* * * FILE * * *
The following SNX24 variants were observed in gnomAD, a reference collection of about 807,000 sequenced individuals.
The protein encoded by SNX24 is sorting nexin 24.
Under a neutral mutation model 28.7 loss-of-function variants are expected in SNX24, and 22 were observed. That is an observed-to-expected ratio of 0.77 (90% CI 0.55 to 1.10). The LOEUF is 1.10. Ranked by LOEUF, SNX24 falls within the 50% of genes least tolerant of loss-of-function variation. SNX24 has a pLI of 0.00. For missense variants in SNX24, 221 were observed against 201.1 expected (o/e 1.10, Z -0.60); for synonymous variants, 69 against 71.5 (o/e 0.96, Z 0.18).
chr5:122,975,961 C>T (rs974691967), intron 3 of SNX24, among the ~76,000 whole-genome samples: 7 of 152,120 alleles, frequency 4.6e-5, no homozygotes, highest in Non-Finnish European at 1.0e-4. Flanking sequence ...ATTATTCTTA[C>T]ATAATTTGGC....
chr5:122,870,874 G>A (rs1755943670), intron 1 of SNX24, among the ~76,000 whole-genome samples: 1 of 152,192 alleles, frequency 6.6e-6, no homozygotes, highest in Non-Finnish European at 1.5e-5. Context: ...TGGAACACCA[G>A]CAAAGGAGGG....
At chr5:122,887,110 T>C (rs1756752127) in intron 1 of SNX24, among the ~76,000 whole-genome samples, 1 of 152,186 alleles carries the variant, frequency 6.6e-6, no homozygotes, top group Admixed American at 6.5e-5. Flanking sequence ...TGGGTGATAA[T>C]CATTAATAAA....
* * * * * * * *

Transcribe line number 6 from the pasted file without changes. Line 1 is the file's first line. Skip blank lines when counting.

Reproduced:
At chr5:122,887,110 T>C (rs1756752127) in intron 1 of SNX24, among the ~76,000 whole-genome samples, 1 of 152,186 alleles carries the variant, frequency 6.6e-6, no homozygotes, top group Admixed American at 6.5e-5. Flanking sequence ...TGGGTGATAA[T>C]CATTAATAAA....